Yang Jiechi, a member of the Political Bureau of the Communist Party of China (CPC) Central Committee, met with U.S. National Security Advisor Jake Sullivan in Luxembourg on June 13.
The two sides conducted candid, in-depth, and constructive communication on China-U.S. relations, as well as other issues of common concern.
The two sides agreed to follow the important consensus reached by the two heads of state, step up contact and dialogue, reduce misunderstanding and miscalculation, and properly manage differences. Both sides agreed that maintaining unimpeded channels for communication is necessary and beneficial.
Yang, also director of the Office of the Foreign Affairs Commission of the CPC Central Committee, noted that U.S. President Joe Biden has repeatedly told Chinese President Xi Jinping that the United States does not seek a new Cold War or aim to change China's system, nor will it oppose China through strengthening alliances, support "Taiwan independence," or intend to seek a conflict with China. The Chinese side attaches high importance to these statements, he said.
For some time, however, the U.S. side has been insisting on further containing and suppressing China in an all-round way. Such acts, instead of helping the United States solve its own problems, have plunged China-U.S. relations into a very difficult situation and severely damaged the exchanges and cooperation in bilateral areas, Yang said, stressing that such a situation conforms neither to the interests of the two sides nor other countries of the world.
China-U.S. relations are at a critical crossroads, noted Yang, saying that the three principles proposed by President Xi -- mutual respect, peaceful coexistence, and win-win cooperation -- are the correct approaches for China and the United States in getting along with each other, as the principles conform not only to the fundamental interests of the Chinese and the Americans, but also to the common aspiration of the international community. They ought to be fundamental rules for developing China-U.S. relations.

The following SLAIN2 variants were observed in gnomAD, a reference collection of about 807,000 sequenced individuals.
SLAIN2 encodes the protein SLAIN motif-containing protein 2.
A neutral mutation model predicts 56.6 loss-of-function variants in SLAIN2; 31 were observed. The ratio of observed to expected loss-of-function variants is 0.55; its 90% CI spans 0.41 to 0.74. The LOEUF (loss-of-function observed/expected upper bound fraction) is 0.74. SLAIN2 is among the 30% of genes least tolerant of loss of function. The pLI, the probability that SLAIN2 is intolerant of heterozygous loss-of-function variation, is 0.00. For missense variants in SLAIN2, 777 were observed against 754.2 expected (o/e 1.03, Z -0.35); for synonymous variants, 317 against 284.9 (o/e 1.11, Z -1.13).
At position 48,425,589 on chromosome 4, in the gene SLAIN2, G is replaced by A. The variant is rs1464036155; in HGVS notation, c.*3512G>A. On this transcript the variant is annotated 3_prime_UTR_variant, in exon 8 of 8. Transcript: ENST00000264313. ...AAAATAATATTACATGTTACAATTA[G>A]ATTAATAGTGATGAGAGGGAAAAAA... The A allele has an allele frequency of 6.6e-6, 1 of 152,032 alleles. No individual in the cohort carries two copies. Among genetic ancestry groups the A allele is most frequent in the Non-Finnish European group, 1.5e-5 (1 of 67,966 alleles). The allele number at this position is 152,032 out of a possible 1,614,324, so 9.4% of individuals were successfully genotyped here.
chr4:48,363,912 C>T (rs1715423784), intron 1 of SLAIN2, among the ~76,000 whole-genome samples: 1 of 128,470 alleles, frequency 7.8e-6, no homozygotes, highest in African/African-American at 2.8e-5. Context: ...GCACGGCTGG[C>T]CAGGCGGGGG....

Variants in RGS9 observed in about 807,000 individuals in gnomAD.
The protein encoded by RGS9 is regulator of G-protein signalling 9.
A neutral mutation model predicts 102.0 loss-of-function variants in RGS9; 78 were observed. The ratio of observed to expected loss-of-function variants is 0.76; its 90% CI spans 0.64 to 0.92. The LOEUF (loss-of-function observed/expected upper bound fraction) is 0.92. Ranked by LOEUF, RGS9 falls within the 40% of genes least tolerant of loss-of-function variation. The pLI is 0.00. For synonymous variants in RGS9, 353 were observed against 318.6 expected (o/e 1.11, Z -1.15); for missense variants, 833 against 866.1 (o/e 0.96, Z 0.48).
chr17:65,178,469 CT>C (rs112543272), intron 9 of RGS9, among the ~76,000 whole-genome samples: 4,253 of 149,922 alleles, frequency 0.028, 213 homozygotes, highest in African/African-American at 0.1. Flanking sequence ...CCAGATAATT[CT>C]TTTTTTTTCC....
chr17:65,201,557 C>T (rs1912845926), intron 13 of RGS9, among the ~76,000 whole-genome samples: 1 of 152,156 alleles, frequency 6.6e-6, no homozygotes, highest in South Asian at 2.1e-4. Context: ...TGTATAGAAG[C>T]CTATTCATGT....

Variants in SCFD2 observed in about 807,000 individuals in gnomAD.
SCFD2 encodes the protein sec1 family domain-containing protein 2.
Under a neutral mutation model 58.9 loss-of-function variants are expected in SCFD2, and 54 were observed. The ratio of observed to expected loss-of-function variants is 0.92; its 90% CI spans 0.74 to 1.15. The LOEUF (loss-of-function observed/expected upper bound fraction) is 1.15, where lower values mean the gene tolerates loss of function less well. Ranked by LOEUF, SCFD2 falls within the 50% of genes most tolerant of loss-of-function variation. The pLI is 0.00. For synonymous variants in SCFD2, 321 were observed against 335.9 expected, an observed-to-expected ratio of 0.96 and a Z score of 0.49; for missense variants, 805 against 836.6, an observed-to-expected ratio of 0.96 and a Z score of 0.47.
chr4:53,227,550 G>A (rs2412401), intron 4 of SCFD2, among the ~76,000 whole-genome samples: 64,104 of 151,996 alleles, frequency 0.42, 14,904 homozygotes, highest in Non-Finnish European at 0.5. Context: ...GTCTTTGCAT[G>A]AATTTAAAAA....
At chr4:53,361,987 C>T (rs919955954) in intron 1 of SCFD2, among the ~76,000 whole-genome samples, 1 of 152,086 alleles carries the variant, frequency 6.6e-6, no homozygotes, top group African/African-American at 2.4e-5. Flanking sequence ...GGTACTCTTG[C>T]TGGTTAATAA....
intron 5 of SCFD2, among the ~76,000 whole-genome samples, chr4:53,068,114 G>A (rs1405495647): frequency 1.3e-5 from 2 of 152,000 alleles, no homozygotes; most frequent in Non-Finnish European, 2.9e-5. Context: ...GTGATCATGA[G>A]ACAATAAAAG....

The Chinese side is ready to work together with the U.S. side to explore ways and methods to realize this vision, yet China firmly opposes using competition to define bilateral ties, Yang said.
He said the U.S. side should correct its strategic perceptions of China, make the right choices, and translate President Biden's commitments into concrete actions, working together with the Chinese side in the same direction and concretely implementing the important consensus reached by the two heads of state.
Yang stressed that China takes an unambiguous and steadfast stand in safeguarding its national sovereignty and territorial integrity. China's internal affairs brook no interference by other countries, and any attempts to thwart or undermine China's national unity are doomed to fail, he said.
The Taiwan question concerns the political foundation of China-U.S. relations which, unless handled properly, will have a subversive impact, said the senior Chinese diplomat. The risk does not only exist but will escalate as the United States attempts to contain China with the Taiwan question, and as the Taiwan authorities rely on the United States to seek its "independence," he added.
The U.S. side should not have any misjudgments or illusions, Yang said, adding that it must abide by the one-China principle and the stipulations in the three China-U.S. joint communiques and handle the Taiwan question in a prudent and proper way.
Yang also stated China's solemn position on issues concerning Xinjiang, Hong Kong, Tibet, the South China Sea, as well as human rights and religion.
He stressed that the U.S. side ought to have benign interactions with the Chinese side and make concerted efforts in promoting prosperity, stability, and development in the Asia-Pacific region.
The two sides also exchanged views on international and regional issues such as Ukraine and the Korean Peninsula nuclear issue.